If I sent you to a deserted island and you could only bring three albums, what three albums would you bring?
Billie Holiday’s Carelessly. I would definitely bring that…this is the hardest question in the whole world. I’d probably bring “Every Word” because the writing on that is just amazing. I’d probably pick any Rakim album. I have to have hip-hop in there. I’d probably go with Jay-Z’s Reasonable Doubt. I know that’s kind of a random selection, but that’s like all of the influences I like.
What’s one thing most people don’t know about you?
I struggled academically in high school, because it was hard to focus. It was hard to focus on those things that were other than artistic stuff.
Most artists aren’t really into school.
I’m actually into school right now. I’m back in school.
What’s one thing you can’t live without?
Other than music?
Meatballs! It’s a very true statement. I don’t think I’d be able to survive without them. Meatballs are very important to me. They’re important to my career, this whole operation. [Laugh] I don’t know. Oh! Bandannas. I’d have to do my hair and life would be miserable.
He’s very, very humble.
I’m attracted to Phillip Rivers because he carries the Chargers on his back. Go team!
Who are you dying to collaborate with?
I’d say Stevie Wonder, I couldn’t believe that I’d even meet him or even be working with him. Outkast would be one of them. John Legend as well.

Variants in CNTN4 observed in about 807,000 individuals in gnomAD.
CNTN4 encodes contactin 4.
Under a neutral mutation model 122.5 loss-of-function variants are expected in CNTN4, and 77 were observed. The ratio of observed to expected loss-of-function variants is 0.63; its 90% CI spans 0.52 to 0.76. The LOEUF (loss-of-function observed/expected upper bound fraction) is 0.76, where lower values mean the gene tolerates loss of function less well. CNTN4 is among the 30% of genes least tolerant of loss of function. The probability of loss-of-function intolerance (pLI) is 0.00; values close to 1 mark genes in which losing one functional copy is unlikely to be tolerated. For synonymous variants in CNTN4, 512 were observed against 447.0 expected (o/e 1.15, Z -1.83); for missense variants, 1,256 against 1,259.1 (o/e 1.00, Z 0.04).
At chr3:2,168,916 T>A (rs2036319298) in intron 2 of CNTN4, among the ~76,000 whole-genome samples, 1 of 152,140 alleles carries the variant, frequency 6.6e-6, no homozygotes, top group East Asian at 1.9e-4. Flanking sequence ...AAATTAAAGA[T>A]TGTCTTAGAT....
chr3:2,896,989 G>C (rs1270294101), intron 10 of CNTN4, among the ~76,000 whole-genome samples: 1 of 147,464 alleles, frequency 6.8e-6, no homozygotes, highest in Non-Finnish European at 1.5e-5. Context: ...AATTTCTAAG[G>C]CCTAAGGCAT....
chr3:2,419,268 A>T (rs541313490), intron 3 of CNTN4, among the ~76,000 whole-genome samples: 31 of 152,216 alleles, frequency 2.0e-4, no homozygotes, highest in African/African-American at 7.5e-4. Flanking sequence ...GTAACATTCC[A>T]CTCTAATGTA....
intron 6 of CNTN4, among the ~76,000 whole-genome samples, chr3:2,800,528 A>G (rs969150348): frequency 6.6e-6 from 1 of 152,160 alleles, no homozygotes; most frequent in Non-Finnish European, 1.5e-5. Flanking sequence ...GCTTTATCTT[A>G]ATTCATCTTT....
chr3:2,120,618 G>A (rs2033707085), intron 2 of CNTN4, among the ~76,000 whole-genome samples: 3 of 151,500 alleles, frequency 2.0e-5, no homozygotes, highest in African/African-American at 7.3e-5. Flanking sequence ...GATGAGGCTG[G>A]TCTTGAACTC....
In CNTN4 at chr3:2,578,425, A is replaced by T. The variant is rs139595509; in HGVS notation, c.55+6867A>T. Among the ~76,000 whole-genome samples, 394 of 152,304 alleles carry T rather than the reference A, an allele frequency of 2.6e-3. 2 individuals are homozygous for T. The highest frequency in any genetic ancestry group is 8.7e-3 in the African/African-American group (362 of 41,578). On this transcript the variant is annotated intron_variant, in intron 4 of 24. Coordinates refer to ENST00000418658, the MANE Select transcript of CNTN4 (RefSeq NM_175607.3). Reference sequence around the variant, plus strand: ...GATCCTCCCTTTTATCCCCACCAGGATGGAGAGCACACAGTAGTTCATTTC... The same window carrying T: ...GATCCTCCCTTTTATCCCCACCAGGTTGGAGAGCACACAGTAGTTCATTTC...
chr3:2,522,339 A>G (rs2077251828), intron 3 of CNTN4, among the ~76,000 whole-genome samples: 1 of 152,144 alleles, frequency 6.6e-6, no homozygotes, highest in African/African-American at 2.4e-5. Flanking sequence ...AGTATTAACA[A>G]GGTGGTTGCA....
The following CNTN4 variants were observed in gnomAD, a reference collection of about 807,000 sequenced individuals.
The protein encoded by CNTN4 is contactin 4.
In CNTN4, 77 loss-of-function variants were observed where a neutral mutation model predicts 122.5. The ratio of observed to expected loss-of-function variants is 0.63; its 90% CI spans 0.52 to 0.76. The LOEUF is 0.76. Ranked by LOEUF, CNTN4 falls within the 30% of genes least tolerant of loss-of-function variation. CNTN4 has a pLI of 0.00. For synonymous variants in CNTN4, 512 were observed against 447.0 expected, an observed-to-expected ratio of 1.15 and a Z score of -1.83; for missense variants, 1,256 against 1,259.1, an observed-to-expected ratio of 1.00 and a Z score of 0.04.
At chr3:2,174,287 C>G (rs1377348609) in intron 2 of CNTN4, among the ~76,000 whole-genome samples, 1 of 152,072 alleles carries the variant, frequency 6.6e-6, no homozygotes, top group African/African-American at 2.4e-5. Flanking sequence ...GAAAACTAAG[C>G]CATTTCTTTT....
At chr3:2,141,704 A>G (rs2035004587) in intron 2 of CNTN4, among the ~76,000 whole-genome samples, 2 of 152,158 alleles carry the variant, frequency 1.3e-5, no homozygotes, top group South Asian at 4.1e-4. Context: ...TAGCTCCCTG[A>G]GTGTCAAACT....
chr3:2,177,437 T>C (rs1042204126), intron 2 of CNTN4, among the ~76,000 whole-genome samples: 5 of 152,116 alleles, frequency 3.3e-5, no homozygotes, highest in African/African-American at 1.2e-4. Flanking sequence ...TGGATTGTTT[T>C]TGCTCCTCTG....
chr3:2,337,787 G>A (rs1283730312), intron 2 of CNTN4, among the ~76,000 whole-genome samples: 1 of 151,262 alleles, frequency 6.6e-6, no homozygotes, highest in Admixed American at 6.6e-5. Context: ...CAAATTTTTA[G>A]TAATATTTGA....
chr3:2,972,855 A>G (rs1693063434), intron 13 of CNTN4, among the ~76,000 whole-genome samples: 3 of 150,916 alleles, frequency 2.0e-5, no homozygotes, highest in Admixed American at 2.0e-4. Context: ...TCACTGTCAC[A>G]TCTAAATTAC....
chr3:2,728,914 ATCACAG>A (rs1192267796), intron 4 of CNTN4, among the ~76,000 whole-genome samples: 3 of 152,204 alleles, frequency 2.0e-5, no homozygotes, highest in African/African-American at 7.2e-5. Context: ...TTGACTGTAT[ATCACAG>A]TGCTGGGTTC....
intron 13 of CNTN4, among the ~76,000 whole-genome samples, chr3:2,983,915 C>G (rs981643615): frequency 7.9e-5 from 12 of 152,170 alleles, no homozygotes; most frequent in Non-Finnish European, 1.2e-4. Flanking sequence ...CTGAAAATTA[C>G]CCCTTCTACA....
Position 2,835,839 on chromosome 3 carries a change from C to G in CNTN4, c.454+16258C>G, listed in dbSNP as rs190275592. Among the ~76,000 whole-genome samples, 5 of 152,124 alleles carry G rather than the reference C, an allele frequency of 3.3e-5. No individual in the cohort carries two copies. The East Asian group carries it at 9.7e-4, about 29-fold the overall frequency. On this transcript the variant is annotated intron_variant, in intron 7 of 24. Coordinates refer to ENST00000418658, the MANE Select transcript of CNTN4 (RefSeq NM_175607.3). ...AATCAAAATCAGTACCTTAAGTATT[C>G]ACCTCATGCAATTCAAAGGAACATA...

What upcoming music projects are you working on? Are you working on an album or a free EP right now?
We’re finished the album already. Right now, we’re taking our time. We’ve been approached by several people, so we’re looking to pick a partner. We’re just playing it by ear. We’re not in a rush to do anything. We’re just working on a couple of other songs. If any collaborations come up in the future, we’ll definitely take them. I’m definitely about trying everything. If it works it works, if it doesn’t it doesn’t…the album is finished, and it will be out hopefully soon.
I want your perspective on artists who are making a lane for themselves via YouTube. Karmin started doing covers on YouTube and now they have a deal with Epic. How do you feel about being labeled as an internet celebrity or a YouTube star?
It’s amazing to me because I am a self-starter in that way. I like to initiate things, and you have to work hard, in order to do it. I really love YouTube as a platform, because it’s hard for labels to take a chance on things. I feel like platforms like YouTube, where people are really gaining a following and traction. It kind of shows labels that you can’t keep using the same formula. You can’t use the same cookie-cutter formula to break artists because people want real things. They want things they can relate to. They want things that can wow them; things that can genuinely wow them – Not that “flash in the pan” type of thing – Real talented people and people who have drive. I respect artists who do that. Obviously, I have a heart for YouTube and artists who make it that way. It breaks the mold. It forces labels to take a chance, and to really say, “We have to invest in this if we want to survive.” I really do appreciate that as a platform and artists who used that as a platform. Take their career into their own hands.
Check out Andra Day on Twitter @AndraDayMusic